“The Russian revolution is one of history’s car wrecks,” Kathryn Harrison told me over tea on a mild winter afternoon. “We do know the ending, but we continue to watch. It expresses aspects of human nature we find unacceptable. There’s a lot of paradox: Cold blooded murder and brutality in the cause of good.”
Harrison’s evocative seventh novel, Enchantments, engages the enduring fascination readers have with the end days of Russia’s Romanov Empire.
Her own fascination with the downfall of tsarist Russia began early. “I was raised by maternal grandparents who were born in 1890 and 1899 respectively,” she said. “They were British subjects; George V was the cousin of the tsar. The Romanovs were very real in their household.” She recalls photographs of her grandmother dressed in the same style as the Romanov daughters.
When she was eleven, her mother gave her the first “grown up” book she ever read, Robert K. Massie’s Nicholas and Alexandra (she calls Massie “a biographer with the instincts of a novelist”). “I was fascinated with the hemophilia in the tsar’s youngest son. I had a strange fascination with blood. Soon after my mother moved out, when I was six, I was driving with my grandfather to school. We were in an accident. I hurt my jaw and had a gash with a lot of blood. At that very moment, my mother passed by on Sunset Boulevard. The power of summoning, to summon with blood, stayed with me.”
The figure of the “mad monk” Rasputin also drew her attention. ”The Rasputin figure is central; he heals, or can stop the bleeding of the young tsarevich,“ she said. Rasputin became indispensible to the royal family, leaving his family—a wife and two daughters (a son died earlier)—behind in Siberia. “In my own life, there is an absent father who also had mysteries and sinister aspects,” Harrison said. “The story drew me emotionally in ways I don’t understand.”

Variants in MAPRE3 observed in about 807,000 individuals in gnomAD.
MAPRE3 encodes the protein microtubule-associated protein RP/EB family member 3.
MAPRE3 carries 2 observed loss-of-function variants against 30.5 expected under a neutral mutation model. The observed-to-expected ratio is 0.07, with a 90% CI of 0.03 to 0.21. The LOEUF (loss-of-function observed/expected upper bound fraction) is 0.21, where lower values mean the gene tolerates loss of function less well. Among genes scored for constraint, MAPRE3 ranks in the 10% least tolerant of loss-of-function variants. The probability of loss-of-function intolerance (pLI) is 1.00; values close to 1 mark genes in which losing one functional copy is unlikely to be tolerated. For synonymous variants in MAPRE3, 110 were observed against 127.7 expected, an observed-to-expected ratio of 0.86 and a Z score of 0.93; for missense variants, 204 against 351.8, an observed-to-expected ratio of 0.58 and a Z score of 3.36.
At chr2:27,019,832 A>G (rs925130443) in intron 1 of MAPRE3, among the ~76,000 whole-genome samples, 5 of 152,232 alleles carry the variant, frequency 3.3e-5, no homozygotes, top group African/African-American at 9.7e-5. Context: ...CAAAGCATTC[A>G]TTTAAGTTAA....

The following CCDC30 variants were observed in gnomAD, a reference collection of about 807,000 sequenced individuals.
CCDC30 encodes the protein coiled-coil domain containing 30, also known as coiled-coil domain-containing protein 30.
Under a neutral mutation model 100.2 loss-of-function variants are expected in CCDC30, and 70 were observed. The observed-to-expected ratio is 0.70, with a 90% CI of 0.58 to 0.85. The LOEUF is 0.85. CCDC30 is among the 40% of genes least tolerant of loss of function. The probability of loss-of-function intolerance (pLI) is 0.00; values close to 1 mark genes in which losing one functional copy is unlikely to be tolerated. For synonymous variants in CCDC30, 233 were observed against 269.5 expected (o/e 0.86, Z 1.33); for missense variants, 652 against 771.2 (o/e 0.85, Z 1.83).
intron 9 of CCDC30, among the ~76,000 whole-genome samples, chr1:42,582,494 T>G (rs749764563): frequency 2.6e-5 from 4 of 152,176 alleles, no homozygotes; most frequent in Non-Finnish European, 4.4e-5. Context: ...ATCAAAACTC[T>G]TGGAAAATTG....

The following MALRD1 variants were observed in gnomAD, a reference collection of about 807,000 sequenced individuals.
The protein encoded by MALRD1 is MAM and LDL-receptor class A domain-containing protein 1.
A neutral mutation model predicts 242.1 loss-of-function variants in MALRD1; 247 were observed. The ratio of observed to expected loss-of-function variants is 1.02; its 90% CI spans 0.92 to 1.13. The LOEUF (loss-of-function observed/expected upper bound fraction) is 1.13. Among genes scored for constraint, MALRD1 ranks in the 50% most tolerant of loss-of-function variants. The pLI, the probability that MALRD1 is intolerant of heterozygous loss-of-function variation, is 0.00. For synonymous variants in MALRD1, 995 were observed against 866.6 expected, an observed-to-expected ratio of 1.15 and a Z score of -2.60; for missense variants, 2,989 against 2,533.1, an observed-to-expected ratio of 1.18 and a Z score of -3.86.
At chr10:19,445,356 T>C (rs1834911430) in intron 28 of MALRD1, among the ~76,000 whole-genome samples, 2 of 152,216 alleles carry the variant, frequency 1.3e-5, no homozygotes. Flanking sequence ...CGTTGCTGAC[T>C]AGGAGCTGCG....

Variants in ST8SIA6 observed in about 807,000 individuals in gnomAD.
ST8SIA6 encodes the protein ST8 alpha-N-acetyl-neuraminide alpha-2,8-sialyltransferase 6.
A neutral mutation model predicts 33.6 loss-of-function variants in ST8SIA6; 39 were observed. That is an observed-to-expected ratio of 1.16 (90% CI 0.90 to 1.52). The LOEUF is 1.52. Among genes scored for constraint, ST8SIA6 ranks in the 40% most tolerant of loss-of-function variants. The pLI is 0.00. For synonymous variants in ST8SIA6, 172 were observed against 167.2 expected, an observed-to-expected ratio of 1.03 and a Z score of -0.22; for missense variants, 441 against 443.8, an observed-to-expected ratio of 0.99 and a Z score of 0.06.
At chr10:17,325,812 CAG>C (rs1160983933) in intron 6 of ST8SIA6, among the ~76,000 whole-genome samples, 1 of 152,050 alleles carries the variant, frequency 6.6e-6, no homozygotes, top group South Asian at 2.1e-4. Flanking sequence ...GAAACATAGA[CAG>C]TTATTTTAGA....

She toyed with the idea of writing a novel about the era, but couldn’t find the way until discovering, decades after she had first read Massie, that Rasputin’s older daughter Maria escaped the revolution. She became a lion tamer, was mauled by a bear in 1935 in Peru, Indiana, and nearly bled to death. At last she had her narrator, Maria, known in the novel as Masha.
“It was irresistible subject matter,” Harrison said. Who better to write from the perspective of the daughter of Grigori Rasputin, the sexually voracious, predatory, charismatic religious figure who was the scandal of the court of Russia’s last tsar, than Harrison, whose 1997 memoir The Kiss describes the challenges of dealing as a young adult with a sexually voracious, predatory, charismatic “man of God,” her own father?
And Masha’s point of view gave her the right perspective on the action. “Rasputin’s daughter understands the revolution. She would have been an outsider, a spectator in the royal family and to the revolution.”
But, Harrison added, “the novel didn’t work until I allowed myself to use magical realism, stories linked together that didn’t have to be realistic. I could be playful. I thought of Gogol, and Mikhail Bulgakov’s The Master and Margarita.”